*[http://andover.mvlc.org/eg/opac/record/494669?fi%3Aitem_type=;query=edward%20g%20roddy;qtype=author;locg=5 Mills, Mansions and Mergers: The Life of William M. Wood], by Edward G. Roddy
*[http://andover.mvlc.org/eg/opac/record/494669?fi%3Aitem_type=;query=edward%20g%20roddy;qtype=author;locg=5 Mills, Mansions and Mergers: The Life of William M. Wood], by Edward G. Roddy
*"Mill Owner Led the World in Wool Manufacturing", Eagle Tribune, November 4, 1999, page 21
*"Mill Owner Led the World in Wool Manufacturing", Eagle Tribune, November 4, 1999, page 21
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*"Wood: Andover Honors Controversial Figure", Eagle Tribune, Januart 13, 2000, page 1 and 2
*"Wood: Andover Honors Controversial Figure", Eagle Tribune, Januart 13, 2000, page 1 and 2
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--[[User:Eleanor|Eleanor]] 11:37, January 3, 2013 (EST)
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The following pages are from:
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*[http://andover.mvlc.org/eg/opac/record/592436?fi%3Aitem_type=;query=province%20of%20reason%20warner;qtype=keyword;locg=1 Province of Reason], by Sam Bass Warner, Jr.
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[[Image:Wood_p.124.jpg|thumb|...''William Madison Wood, p.124-125''.... click to enlarge|left]]
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[[Image:Wood_p._126-127.jpg|thumb|...''William Madison Wood, p.126-127''.... click to enlarge|left]]
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[[Image:Wood_p._128-129.jpg|thumb|...''William Madison Wood, p.128-129''.... click to enlarge|left]]
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[[Image:Wood_p._130-131.jpg|thumb|...''William Madison Wood, p.130-131''.... click to enlarge|left]]
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[[Image:Wood_p.132.jpg|thumb|...''William Madison Wood, p.132''.... click to enlarge|left]]
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<br style="clear:both;" />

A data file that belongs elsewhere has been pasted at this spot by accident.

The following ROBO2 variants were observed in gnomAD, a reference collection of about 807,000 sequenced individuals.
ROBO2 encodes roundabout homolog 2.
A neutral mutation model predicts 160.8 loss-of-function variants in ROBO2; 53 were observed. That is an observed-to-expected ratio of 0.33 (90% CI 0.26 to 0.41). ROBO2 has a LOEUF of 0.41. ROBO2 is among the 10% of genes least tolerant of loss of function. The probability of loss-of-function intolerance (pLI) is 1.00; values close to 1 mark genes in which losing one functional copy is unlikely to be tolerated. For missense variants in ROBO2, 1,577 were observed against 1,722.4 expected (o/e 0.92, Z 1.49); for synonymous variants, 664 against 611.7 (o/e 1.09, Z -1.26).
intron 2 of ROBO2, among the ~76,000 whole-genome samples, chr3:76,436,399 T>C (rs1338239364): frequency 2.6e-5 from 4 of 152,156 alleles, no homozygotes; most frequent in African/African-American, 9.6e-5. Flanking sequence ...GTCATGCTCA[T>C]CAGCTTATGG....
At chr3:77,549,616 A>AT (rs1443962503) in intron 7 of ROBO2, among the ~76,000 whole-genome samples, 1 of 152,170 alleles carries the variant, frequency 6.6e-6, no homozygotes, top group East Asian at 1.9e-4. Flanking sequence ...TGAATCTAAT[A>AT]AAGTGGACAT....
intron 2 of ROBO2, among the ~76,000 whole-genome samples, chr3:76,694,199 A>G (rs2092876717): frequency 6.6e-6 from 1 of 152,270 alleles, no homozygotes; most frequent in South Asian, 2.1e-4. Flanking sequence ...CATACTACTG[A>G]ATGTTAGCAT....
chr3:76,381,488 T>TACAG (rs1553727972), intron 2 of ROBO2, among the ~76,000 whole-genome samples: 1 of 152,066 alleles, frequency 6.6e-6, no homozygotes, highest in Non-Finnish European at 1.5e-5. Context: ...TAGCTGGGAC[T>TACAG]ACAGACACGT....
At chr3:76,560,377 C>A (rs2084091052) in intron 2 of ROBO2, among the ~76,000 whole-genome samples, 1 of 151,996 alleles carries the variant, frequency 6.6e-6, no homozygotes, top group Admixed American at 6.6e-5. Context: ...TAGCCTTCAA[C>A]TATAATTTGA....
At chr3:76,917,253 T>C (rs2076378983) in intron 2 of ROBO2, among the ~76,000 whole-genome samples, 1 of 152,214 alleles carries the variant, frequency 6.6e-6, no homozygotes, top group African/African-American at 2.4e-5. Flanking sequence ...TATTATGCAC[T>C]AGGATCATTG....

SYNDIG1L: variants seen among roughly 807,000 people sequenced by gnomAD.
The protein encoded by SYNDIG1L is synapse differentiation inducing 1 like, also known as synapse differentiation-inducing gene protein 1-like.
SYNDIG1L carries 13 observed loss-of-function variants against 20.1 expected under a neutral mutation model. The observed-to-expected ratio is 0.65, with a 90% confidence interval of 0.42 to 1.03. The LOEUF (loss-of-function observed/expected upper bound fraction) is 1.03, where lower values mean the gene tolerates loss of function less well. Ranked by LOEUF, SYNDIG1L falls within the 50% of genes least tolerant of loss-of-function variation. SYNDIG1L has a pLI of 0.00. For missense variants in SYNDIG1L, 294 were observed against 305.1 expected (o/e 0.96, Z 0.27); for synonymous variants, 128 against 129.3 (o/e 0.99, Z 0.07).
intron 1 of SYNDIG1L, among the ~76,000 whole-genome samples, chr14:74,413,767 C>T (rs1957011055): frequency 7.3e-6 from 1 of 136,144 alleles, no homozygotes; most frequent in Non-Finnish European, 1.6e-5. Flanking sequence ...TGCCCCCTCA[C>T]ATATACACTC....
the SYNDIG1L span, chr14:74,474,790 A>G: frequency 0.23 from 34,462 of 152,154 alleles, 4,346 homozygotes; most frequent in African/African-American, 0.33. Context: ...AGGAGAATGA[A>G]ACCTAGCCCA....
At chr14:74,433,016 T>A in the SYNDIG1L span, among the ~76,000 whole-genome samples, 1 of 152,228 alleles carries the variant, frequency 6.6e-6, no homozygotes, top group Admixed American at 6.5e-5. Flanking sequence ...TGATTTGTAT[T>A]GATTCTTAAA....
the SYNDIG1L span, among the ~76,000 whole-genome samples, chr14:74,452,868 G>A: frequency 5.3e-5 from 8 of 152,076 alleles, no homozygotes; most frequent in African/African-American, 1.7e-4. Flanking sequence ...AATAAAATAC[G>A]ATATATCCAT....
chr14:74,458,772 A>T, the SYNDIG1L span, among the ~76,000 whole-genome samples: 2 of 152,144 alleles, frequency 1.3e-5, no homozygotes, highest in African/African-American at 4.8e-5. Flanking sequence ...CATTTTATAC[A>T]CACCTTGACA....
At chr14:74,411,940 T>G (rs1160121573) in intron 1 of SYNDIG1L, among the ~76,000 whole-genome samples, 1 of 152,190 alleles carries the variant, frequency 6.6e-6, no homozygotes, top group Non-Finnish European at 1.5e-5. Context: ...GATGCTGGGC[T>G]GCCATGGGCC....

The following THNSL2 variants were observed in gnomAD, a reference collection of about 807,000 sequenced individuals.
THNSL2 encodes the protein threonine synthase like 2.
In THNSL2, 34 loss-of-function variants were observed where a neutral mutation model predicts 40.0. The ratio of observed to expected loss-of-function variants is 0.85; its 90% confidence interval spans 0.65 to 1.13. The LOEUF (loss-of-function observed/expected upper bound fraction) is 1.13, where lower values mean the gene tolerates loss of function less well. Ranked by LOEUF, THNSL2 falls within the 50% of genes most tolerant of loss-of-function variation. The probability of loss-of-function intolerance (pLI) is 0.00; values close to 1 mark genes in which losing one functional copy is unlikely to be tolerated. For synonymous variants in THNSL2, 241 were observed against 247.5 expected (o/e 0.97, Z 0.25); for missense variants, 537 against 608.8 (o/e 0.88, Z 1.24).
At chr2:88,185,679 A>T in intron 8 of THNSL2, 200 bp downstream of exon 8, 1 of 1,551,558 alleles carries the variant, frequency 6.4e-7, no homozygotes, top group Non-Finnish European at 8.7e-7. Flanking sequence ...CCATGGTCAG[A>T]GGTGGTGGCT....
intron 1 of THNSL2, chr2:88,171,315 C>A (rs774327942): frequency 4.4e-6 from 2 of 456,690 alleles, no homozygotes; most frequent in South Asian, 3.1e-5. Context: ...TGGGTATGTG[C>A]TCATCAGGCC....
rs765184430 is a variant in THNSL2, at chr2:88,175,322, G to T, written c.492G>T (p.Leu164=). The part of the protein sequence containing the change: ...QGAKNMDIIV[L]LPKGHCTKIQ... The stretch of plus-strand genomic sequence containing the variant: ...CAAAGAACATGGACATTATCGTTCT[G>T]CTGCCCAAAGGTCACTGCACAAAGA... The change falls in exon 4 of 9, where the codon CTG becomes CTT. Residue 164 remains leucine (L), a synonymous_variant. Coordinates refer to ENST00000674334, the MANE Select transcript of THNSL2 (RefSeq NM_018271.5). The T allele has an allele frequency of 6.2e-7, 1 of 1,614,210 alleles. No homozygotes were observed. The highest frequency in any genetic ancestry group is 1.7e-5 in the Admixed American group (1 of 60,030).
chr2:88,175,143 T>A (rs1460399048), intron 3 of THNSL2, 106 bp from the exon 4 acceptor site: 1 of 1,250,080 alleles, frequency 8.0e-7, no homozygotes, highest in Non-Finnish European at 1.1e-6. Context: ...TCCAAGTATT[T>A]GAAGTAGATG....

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--[[User:Eleanor|Eleanor]] 11:37, January 3, 2013 (EST)<br>
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--[[User:Kim|Kim]] 11:36, January 17, 2013 (EST)<br>
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[[Category:Andover Answers Index]]
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Revision as of 16:32, January 17, 2013

William Madison Wood was born in Edgartown on Martha's Vineyard on June 18, 1858, to immigrant parents from the Portuguese Azores. He had to go to work to support his family at age 13 when his father died. He began working in the New Bedford cotton mills and quickly rose through the ranks.

When Frederick Ayer asked Wood to save his unprofitable cotton mills, Wood came to Lawrence in 1886 as a manager at Washington Mill, but quickly was promoted to treasurer. Ayer then decided to convert mill production to wool. But the mills still were not profitable. Wood advocated combining mills to save costs and created the American Woolen Company - eight mills in Massachusetts, Rhode Island, and New York. After Wood became president of the American Woolen Company in 1899 it became the largest manufacturer of worsted wool in the world.

The Massachusetts Legislature reduced the work week was reduced from 56 to 54 hours in January of 1912. Wood reduced the workers' pay accordingly. This was the impetus for the Bread and Roses Strike in 1912.

After World War I Wood brought the American Woolen Company headquarters to Andover and changed the name of Frye Village to Shawsheen Village. Here he built a planned community consisting of brick homes for the high level managers, white wooden homes for the lower level managers, a school, recreational facilities including a golf course, a pool, and a club house. He even built a drug store.

A plaque on the corner of Lowell and North Main Streets is a tribute to Wood describing him as an "industrial genius", a "humanitarian", and a "great benefactor of youth". After several strokes, he took his life in 1926 at the age of 67 on February 2, 1926. Wood is buried in the West Parish Cemetery,


See


The following pages are from:

...William Madison Wood, p.124-125.... click to enlarge
...William Madison Wood, p.124-125.... click to enlarge
...William Madison Wood, p.126-127.... click to enlarge
...William Madison Wood, p.126-127.... click to enlarge
...William Madison Wood, p.128-129.... click to enlarge
...William Madison Wood, p.128-129.... click to enlarge
...William Madison Wood, p.130-131.... click to enlarge
...William Madison Wood, p.130-131.... click to enlarge
...William Madison Wood, p.132.... click to enlarge
...William Madison Wood, p.132.... click to enlarge


--Eleanor 11:37, January 3, 2013 (EST)
--Kim 11:36, January 17, 2013 (EST)